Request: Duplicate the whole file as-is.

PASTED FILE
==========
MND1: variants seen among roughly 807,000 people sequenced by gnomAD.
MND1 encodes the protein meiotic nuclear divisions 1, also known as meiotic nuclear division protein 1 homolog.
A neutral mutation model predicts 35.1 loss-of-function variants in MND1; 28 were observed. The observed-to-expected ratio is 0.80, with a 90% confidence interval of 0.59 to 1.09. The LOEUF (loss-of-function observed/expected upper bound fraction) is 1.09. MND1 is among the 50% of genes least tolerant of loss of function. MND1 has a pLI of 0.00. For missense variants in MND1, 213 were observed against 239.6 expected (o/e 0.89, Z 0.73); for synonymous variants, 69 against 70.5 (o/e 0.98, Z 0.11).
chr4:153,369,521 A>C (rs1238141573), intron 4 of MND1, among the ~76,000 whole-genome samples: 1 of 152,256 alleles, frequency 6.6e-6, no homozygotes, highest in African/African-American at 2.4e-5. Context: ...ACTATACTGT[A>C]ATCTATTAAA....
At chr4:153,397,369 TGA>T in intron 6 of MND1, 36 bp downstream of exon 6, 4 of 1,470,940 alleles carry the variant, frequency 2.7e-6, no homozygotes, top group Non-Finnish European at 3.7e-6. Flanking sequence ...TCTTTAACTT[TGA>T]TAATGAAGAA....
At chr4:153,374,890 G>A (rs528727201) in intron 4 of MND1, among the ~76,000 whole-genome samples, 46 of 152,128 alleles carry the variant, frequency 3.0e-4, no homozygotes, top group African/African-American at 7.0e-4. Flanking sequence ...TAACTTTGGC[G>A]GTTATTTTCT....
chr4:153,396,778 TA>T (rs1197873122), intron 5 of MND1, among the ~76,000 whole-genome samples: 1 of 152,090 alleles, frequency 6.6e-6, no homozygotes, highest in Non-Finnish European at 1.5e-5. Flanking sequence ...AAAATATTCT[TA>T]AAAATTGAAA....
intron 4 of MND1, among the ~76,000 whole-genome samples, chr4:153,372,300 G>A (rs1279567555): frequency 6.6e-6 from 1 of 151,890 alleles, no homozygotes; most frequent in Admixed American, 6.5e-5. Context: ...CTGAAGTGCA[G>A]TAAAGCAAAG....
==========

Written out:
MND1: variants seen among roughly 807,000 people sequenced by gnomAD.
MND1 encodes the protein meiotic nuclear divisions 1, also known as meiotic nuclear division protein 1 homolog.
A neutral mutation model predicts 35.1 loss-of-function variants in MND1; 28 were observed. The observed-to-expected ratio is 0.80, with a 90% confidence interval of 0.59 to 1.09. The LOEUF (loss-of-function observed/expected upper bound fraction) is 1.09. MND1 is among the 50% of genes least tolerant of loss of function. MND1 has a pLI of 0.00. For missense variants in MND1, 213 were observed against 239.6 expected (o/e 0.89, Z 0.73); for synonymous variants, 69 against 70.5 (o/e 0.98, Z 0.11).
chr4:153,369,521 A>C (rs1238141573), intron 4 of MND1, among the ~76,000 whole-genome samples: 1 of 152,256 alleles, frequency 6.6e-6, no homozygotes, highest in African/African-American at 2.4e-5. Context: ...ACTATACTGT[A>C]ATCTATTAAA....
At chr4:153,397,369 TGA>T in intron 6 of MND1, 36 bp downstream of exon 6, 4 of 1,470,940 alleles carry the variant, frequency 2.7e-6, no homozygotes, top group Non-Finnish European at 3.7e-6. Flanking sequence ...TCTTTAACTT[TGA>T]TAATGAAGAA....
At chr4:153,374,890 G>A (rs528727201) in intron 4 of MND1, among the ~76,000 whole-genome samples, 46 of 152,128 alleles carry the variant, frequency 3.0e-4, no homozygotes, top group African/African-American at 7.0e-4. Flanking sequence ...TAACTTTGGC[G>A]GTTATTTTCT....
chr4:153,396,778 TA>T (rs1197873122), intron 5 of MND1, among the ~76,000 whole-genome samples: 1 of 152,090 alleles, frequency 6.6e-6, no homozygotes, highest in Non-Finnish European at 1.5e-5. Flanking sequence ...AAAATATTCT[TA>T]AAAATTGAAA....
intron 4 of MND1, among the ~76,000 whole-genome samples, chr4:153,372,300 G>A (rs1279567555): frequency 6.6e-6 from 1 of 151,890 alleles, no homozygotes; most frequent in Admixed American, 6.5e-5. Context: ...CTGAAGTGCA[G>A]TAAAGCAAAG....